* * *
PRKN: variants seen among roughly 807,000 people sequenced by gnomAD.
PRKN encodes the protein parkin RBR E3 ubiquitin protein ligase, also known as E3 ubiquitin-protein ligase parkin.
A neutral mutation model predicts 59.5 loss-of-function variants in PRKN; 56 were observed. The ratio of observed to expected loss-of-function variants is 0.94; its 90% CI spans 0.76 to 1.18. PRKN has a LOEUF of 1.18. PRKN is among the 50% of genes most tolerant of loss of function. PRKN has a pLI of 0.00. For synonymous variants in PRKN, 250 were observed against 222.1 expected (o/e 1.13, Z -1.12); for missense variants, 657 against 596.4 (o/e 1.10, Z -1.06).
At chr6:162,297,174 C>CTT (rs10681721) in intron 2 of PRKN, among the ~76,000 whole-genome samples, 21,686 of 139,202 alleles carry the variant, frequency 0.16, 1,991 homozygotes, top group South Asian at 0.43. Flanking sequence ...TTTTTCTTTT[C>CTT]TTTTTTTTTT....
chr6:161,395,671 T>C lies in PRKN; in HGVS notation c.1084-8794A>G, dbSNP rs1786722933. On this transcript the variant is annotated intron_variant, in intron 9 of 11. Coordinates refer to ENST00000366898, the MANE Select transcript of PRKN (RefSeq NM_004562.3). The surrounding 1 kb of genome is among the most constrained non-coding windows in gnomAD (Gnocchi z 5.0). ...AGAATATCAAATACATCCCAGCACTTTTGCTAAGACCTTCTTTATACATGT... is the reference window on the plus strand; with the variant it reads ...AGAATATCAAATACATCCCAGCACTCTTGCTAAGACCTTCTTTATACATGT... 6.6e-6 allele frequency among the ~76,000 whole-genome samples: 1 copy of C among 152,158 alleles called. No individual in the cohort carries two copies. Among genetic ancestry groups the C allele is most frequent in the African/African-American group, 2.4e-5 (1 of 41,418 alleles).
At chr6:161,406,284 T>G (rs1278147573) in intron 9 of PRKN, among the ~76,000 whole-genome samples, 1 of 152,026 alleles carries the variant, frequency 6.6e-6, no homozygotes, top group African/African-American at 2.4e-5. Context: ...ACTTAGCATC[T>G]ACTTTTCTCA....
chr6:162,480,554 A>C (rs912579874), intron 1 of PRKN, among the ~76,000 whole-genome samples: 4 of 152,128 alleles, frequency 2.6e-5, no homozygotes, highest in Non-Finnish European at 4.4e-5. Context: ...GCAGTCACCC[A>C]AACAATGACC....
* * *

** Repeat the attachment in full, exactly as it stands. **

PRKN: variants seen among roughly 807,000 people sequenced by gnomAD.
PRKN encodes the protein parkin RBR E3 ubiquitin protein ligase, also known as E3 ubiquitin-protein ligase parkin.
A neutral mutation model predicts 59.5 loss-of-function variants in PRKN; 56 were observed. The ratio of observed to expected loss-of-function variants is 0.94; its 90% CI spans 0.76 to 1.18. PRKN has a LOEUF of 1.18. PRKN is among the 50% of genes most tolerant of loss of function. PRKN has a pLI of 0.00. For synonymous variants in PRKN, 250 were observed against 222.1 expected (o/e 1.13, Z -1.12); for missense variants, 657 against 596.4 (o/e 1.10, Z -1.06).
At chr6:162,297,174 C>CTT (rs10681721) in intron 2 of PRKN, among the ~76,000 whole-genome samples, 21,686 of 139,202 alleles carry the variant, frequency 0.16, 1,991 homozygotes, top group South Asian at 0.43. Flanking sequence ...TTTTTCTTTT[C>CTT]TTTTTTTTTT....
chr6:161,395,671 T>C lies in PRKN; in HGVS notation c.1084-8794A>G, dbSNP rs1786722933. On this transcript the variant is annotated intron_variant, in intron 9 of 11. Coordinates refer to ENST00000366898, the MANE Select transcript of PRKN (RefSeq NM_004562.3). The surrounding 1 kb of genome is among the most constrained non-coding windows in gnomAD (Gnocchi z 5.0). ...AGAATATCAAATACATCCCAGCACTTTTGCTAAGACCTTCTTTATACATGT... is the reference window on the plus strand; with the variant it reads ...AGAATATCAAATACATCCCAGCACTCTTGCTAAGACCTTCTTTATACATGT... 6.6e-6 allele frequency among the ~76,000 whole-genome samples: 1 copy of C among 152,158 alleles called. No individual in the cohort carries two copies. Among genetic ancestry groups the C allele is most frequent in the African/African-American group, 2.4e-5 (1 of 41,418 alleles).
At chr6:161,406,284 T>G (rs1278147573) in intron 9 of PRKN, among the ~76,000 whole-genome samples, 1 of 152,026 alleles carries the variant, frequency 6.6e-6, no homozygotes, top group African/African-American at 2.4e-5. Context: ...ACTTAGCATC[T>G]ACTTTTCTCA....
chr6:162,480,554 A>C (rs912579874), intron 1 of PRKN, among the ~76,000 whole-genome samples: 4 of 152,128 alleles, frequency 2.6e-5, no homozygotes, highest in Non-Finnish European at 4.4e-5. Context: ...GCAGTCACCC[A>C]AACAATGACC....